65,000 worshippers affected as Methodist and Anglican churches suspend services for two weeks
Gracia Lee // March 20, 2020, 4:34 pm
Worshippers in Saint Andrews Cathedral. Photo taken from Facebook of Saint Andrews Cathedral.
Two of the largest Protestant denominations in Singapore – The Methodist Church of Singapore (MCS) and the Anglican Diocese of Singapore – have temporarily suspended all worship services for two weeks, in an effort to play their part in fighting the spread of the coronavirus.
In total, 65,000 worshippers from the two denominations are affected.
Both denominations said in separate letters to their members that there are plans to resume services by Palm Sunday (April 5) with precautionary measures in place.
Seeking the welfare of the city
Members of the Methodist Church in Singapore (MCS), the largest Protestant denomination with some 44,000 members in 46 churches, received an announcement today (March 20) from Bishop Dr Chong Chin Chung.
“As Christians, we have to seek the welfare of the city that God has placed us in.”
“As Christians, we have to seek the welfare of the city that God has placed us in, and if this means foregoing the privilege of gathering together to worship our Living God as one body for a season, we will do our part to help.
“Please do not attend another church during this period of suspension as that would defeat the purpose and sacrifice we are making to break the chain of infection,” he added.
“When the physical church cannot congregate, the spiritual church must elevate,” he said. “I urge each of you to spend a determined time in prayer for our church and country that we may emerge stronger than ever. Reflect on the Word more deeply in this season of Lent, and repent, revive and restore your faith as we await our Lord’s return. We must remain one in the unity and bond of the Holy Spirit.”
He encouraged worshippers to join one of the podcasts or livestreams from the Methodists churches.
“Reflect on the Word more deeply in this season of Lent, and repent, revive and restore your faith as we await our Lord’s return.”
Bishop Chong told Salt&Light: “The Government of Singapore is very concerned about the situation, especially outside of Singapore, and has asked for us to make adjustments to our services. We are coming alongside the country in this effort and exercising our social responsibility towards our friends by pausing our regular worship services.”
In a similar vein, Bishop Rennis Ponniah told Anglicans in his letter yesterday (March 19) that the “prayerful decision” to temporarily suspend all worship services was made to “intentionally create a two-week break in church gatherings” and contribute to “the concerted national effort to ‘flatten the coronavirus curve'”.
The Anglican church here has 27 parishes with 21,000 members.
In the letter, the Bishop encouraged members to be a blessing to others in society, especially those in need. He ended with a prayer that God will help our nation to overcome this crisis.
Both bishops added that pastoral care and prayer support will continue to be provided through means that do not require large face-to-face gatherings, such as by holding online weekend services and providing pastoral care for the elderly and vulnerable.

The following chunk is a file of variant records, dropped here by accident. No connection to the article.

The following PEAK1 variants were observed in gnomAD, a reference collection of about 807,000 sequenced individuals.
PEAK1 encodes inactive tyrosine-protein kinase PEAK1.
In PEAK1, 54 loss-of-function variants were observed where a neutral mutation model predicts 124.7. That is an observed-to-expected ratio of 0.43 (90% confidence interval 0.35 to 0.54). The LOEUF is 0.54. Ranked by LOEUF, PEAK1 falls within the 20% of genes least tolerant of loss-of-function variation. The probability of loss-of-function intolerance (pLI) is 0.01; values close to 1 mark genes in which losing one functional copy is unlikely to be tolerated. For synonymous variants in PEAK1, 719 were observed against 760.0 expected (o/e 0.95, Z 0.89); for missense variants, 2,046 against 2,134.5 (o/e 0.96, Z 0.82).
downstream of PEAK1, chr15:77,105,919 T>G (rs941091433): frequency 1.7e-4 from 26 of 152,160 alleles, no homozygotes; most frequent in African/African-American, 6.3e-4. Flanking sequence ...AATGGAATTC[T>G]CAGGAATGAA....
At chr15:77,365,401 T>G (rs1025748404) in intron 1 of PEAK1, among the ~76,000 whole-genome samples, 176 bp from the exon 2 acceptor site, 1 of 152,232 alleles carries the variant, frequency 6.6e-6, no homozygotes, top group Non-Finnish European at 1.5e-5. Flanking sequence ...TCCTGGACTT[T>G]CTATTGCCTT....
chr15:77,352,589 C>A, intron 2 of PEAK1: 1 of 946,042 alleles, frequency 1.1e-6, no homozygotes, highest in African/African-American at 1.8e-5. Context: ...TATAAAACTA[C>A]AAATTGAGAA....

The evolving situation
Since the coronavirus erupted in Singapore in January, a string of churches has been directly affected by its spread.
Two churches – The Life Church and Missions and Grace Assembly of God – have emerged as locally transmitted clusters, while others such as Saint Andrew’s Cathedral, Lighthouse Evangelism and Church of Singapore (Bukit Timah) have seen church staff or members infected.
A day after the World Health Organisation declared COVID-19 a pandemic on March 11, Singapore’s Prime Minister Lee Hsien Loong said in a nationally-televised message that religious services may need to be shortened and attendance at faith-based gatherings reduced.
“The issue is not religion itself, but that the virus can spread to many people in crowded settings, like religious gatherings and services. I hope that Singaporeans understand that during this period, we may need to shorten religious services or reduce attendance at such gatherings,” he had said.
“The issue is not religion itself, but that the virus can spread to many people in crowded settings.”
Last Friday (March 13), the Ministry Of Health (MOH) advised organisers of mass gatherings, including private functions and religious services, to reduce the scale of events to below 250 participants where possible, and minimise the crowding of participants, for instance by seating them one metre apart.
Since February 15, the Catholic Church in Singapore has suspended public mass indefinitely to minimise the risk of the spread.
The Islamic Religious Council of Singapore (MUIS) also announced on March 13 that all 70 mosques would close for five days for cleaning after several congregants tested positive for the coronavirus following a religious gathering of 16,000 people from different countries at a mosque in Selangor, Malaysia.
MUIS later announced that all mosques would remain closed until March 26 to prevent further spread of the coronavirus.
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